Improving workflows is challenging when most critical information comes from other parts of the business, far beyond the CFO’s line of sight. Finance and accounting organizations that are divided up by competency or business unit can rarely coordinate effectively across entire accounting processes. Analysts and accountants usually spend much of their time “circling back” to understand discrepancies and clarify information. Problems are usually discovered long after they originate, and gaining cooperation to fix errors is difficult. Over time, correcting errors takes priority over eliminating root causes.

How do you solve someone else’s (another department’s) problems? That might seem like a trick question, because leaders view all problems as their own. Unfortunately, this sense of shared responsibility can be blurred when functional silos interrupt flows of work and information across the enterprise. Finance and accounting departments can become too focused on their internal performance and lose sight of the overall objectives of their work.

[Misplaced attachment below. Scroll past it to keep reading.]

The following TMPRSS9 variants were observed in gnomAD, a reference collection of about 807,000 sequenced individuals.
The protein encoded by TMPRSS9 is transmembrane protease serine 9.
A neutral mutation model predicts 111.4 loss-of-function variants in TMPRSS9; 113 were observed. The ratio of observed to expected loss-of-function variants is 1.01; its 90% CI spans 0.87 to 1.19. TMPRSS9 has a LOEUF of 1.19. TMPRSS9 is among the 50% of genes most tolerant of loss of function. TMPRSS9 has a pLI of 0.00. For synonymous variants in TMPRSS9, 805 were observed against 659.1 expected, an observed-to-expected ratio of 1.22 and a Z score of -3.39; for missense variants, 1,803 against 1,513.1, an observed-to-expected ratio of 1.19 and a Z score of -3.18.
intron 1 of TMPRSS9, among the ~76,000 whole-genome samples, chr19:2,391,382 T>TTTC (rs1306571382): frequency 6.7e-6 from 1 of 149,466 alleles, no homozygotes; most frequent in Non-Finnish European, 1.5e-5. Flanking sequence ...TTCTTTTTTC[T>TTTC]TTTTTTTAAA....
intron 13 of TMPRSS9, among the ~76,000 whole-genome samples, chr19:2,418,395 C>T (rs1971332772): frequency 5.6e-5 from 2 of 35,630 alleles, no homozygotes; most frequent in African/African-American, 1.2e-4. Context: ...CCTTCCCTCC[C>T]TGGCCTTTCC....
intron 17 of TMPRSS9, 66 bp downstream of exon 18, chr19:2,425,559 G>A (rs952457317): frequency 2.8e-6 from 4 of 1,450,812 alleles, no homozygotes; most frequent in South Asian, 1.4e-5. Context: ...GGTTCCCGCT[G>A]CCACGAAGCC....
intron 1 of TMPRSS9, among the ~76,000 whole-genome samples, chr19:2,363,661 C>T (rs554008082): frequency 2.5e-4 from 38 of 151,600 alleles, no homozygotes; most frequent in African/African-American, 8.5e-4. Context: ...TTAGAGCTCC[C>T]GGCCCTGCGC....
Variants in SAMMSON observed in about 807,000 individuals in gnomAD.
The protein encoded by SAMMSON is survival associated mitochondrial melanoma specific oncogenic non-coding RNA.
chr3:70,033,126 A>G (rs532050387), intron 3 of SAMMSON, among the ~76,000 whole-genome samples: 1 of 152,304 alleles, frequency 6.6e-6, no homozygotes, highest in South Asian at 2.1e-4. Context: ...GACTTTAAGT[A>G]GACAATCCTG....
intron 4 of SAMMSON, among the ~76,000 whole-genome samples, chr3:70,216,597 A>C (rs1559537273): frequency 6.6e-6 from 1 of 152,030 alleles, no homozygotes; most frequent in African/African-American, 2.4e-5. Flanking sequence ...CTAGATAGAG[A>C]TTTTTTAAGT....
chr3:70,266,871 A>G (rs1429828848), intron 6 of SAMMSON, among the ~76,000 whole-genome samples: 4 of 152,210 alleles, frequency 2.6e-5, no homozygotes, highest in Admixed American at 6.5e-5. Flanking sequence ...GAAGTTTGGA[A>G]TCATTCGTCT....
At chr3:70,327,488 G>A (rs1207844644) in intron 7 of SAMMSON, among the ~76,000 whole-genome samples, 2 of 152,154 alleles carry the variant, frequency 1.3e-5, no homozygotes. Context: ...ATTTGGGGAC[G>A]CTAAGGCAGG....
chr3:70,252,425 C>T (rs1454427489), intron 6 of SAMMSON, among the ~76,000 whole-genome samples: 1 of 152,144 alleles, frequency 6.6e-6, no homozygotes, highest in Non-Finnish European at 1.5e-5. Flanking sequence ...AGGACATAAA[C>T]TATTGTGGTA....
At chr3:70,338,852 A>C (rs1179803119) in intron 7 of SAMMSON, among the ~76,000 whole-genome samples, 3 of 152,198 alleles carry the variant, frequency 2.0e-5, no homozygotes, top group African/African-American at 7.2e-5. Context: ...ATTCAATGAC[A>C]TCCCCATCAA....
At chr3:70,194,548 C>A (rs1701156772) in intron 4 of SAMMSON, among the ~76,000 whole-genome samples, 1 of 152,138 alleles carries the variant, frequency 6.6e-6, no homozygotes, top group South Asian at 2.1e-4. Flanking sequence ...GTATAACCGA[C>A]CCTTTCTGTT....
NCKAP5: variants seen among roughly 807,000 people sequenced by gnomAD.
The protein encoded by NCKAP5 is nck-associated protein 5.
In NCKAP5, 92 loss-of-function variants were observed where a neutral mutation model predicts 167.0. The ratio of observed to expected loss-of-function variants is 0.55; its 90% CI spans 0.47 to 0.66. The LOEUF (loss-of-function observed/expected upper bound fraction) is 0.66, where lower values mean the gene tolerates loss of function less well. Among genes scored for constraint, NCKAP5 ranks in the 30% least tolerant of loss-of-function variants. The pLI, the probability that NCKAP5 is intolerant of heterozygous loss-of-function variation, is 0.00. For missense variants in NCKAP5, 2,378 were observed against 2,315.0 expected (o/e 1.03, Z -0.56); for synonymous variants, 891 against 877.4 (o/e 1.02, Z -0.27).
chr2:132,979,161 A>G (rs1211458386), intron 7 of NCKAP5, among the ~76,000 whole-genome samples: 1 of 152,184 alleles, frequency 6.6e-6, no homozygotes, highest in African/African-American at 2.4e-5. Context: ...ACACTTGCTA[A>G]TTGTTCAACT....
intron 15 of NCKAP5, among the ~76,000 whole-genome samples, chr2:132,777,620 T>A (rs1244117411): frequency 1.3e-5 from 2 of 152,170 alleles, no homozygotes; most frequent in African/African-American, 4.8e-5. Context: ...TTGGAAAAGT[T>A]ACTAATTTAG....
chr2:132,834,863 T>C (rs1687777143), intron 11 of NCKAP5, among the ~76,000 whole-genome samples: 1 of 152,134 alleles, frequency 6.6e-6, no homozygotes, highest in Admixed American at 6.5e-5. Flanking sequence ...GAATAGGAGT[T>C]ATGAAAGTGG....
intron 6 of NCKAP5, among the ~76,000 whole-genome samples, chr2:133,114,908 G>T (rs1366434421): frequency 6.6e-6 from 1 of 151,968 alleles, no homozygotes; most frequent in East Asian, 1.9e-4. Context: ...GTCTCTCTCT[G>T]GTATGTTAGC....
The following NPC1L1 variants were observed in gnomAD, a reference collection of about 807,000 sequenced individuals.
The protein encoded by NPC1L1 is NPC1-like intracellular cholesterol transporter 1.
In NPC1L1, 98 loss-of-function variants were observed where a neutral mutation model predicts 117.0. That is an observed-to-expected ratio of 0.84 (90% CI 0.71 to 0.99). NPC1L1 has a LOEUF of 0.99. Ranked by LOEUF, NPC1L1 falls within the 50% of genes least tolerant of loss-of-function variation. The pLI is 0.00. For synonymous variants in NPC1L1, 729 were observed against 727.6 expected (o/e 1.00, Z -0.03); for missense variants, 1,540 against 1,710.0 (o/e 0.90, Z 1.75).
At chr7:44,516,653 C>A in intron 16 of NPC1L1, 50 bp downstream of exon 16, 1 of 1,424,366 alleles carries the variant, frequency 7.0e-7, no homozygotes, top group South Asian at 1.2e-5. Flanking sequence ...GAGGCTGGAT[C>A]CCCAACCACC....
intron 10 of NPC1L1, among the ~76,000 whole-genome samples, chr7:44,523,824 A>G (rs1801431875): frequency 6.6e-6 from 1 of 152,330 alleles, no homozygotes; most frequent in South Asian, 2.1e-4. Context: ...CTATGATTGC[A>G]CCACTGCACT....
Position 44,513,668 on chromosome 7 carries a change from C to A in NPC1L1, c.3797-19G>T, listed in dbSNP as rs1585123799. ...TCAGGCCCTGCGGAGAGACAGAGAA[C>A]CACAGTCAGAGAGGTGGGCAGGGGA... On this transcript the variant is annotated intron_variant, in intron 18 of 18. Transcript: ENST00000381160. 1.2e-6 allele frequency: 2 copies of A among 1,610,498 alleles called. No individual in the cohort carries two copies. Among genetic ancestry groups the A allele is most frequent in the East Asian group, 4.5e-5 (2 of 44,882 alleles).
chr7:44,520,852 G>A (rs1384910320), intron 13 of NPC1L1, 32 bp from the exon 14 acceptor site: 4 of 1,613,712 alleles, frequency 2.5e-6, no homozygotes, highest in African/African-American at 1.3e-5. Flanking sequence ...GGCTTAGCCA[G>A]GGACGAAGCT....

For example, a unit controller may neglect to properly document some journal entries in her rush to meet close milestones. Juggling multiple priorities, a manager might book several fixed assets under the same record. Two finance analysts might use different source data for their revenue reports. These are just a few of the issues that lead to rework and inefficiency in finance and accounting, and each is caused by inadequate coordination.

workflow accounting and finance

John A. Kahler, PwC